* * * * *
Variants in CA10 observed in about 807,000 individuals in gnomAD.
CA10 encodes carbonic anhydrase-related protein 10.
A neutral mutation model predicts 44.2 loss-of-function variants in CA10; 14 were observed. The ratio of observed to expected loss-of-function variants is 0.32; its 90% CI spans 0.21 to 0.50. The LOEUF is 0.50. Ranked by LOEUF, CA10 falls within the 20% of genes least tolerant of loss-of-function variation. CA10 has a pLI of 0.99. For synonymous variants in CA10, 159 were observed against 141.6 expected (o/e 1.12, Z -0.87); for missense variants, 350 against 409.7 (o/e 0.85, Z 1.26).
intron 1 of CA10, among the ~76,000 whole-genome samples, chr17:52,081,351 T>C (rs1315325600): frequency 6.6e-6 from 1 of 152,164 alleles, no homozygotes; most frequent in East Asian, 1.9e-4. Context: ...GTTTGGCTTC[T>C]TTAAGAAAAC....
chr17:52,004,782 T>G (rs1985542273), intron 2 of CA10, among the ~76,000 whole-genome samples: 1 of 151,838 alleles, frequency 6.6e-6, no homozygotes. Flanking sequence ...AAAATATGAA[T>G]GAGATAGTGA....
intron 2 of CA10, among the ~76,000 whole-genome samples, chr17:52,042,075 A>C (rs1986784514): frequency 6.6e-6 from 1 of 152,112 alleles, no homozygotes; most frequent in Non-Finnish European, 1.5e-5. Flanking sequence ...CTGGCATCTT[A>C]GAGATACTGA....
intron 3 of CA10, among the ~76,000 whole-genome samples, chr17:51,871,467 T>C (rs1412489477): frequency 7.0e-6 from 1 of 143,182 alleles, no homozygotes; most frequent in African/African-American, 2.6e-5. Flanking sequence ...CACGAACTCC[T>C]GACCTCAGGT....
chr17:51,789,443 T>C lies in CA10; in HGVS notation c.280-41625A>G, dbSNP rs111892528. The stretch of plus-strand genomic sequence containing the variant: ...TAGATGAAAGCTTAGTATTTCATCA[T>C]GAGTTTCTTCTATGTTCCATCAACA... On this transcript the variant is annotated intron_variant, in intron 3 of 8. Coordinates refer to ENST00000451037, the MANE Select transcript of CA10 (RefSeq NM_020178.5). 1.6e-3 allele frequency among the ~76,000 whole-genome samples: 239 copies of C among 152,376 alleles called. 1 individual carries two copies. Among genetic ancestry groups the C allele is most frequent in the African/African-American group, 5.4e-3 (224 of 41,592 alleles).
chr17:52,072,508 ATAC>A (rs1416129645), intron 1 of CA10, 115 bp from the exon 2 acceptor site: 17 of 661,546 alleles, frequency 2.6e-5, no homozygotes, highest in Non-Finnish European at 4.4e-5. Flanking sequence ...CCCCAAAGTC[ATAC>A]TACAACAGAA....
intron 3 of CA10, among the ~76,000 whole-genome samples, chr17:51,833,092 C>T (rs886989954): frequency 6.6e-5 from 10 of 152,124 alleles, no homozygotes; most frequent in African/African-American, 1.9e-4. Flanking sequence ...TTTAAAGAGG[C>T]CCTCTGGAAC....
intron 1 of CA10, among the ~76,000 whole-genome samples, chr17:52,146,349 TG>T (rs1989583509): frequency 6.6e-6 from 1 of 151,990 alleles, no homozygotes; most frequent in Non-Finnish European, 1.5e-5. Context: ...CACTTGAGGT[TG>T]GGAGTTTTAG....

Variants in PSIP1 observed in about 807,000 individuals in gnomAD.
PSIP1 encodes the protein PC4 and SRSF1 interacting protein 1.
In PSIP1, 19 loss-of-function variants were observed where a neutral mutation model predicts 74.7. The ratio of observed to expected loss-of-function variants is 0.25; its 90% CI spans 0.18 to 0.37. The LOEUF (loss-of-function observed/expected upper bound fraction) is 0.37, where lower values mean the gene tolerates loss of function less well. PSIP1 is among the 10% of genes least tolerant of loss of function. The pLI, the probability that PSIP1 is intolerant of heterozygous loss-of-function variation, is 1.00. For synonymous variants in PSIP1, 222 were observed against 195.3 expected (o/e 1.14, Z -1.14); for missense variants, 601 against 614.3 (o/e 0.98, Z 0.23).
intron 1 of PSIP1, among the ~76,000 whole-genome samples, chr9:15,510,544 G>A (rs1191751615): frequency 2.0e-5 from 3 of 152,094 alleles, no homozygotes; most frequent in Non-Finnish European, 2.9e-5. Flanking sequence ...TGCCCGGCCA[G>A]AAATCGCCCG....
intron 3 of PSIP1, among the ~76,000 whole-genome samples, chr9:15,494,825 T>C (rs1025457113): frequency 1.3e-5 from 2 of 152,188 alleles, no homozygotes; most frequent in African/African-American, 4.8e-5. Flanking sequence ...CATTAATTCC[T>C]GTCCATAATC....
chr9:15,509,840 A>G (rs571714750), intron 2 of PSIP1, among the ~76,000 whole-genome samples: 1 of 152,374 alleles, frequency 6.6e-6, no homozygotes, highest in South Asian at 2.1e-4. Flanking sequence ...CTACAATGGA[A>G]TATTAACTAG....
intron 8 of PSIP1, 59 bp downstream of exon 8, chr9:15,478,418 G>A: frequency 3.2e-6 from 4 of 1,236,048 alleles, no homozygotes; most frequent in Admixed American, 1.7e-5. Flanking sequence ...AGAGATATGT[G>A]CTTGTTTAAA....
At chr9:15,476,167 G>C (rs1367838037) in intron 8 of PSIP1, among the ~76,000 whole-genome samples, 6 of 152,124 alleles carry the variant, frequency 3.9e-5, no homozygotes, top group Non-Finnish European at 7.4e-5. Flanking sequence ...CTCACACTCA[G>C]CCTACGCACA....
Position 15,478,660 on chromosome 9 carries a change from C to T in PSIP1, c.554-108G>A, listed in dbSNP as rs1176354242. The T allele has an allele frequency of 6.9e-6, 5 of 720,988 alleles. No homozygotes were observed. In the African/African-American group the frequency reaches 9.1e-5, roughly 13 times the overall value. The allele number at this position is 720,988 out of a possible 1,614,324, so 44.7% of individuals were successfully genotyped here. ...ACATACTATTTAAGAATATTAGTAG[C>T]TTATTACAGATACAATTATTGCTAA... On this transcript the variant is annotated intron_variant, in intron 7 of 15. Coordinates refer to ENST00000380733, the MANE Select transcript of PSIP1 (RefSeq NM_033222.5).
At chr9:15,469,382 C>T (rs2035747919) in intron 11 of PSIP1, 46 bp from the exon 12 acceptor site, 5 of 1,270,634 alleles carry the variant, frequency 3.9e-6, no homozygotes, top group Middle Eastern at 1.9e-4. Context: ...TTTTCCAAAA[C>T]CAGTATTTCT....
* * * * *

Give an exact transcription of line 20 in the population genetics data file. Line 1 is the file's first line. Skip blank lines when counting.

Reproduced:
Position 15,478,660 on chromosome 9 carries a change from C to T in PSIP1, c.554-108G>A, listed in dbSNP as rs1176354242. The T allele has an allele frequency of 6.9e-6, 5 of 720,988 alleles. No homozygotes were observed. In the African/African-American group the frequency reaches 9.1e-5, roughly 13 times the overall value. The allele number at this position is 720,988 out of a possible 1,614,324, so 44.7% of individuals were successfully genotyped here. ...ACATACTATTTAAGAATATTAGTAG[C>T]TTATTACAGATACAATTATTGCTAA... On this transcript the variant is annotated intron_variant, in intron 7 of 15. Coordinates refer to ENST00000380733, the MANE Select transcript of PSIP1 (RefSeq NM_033222.5).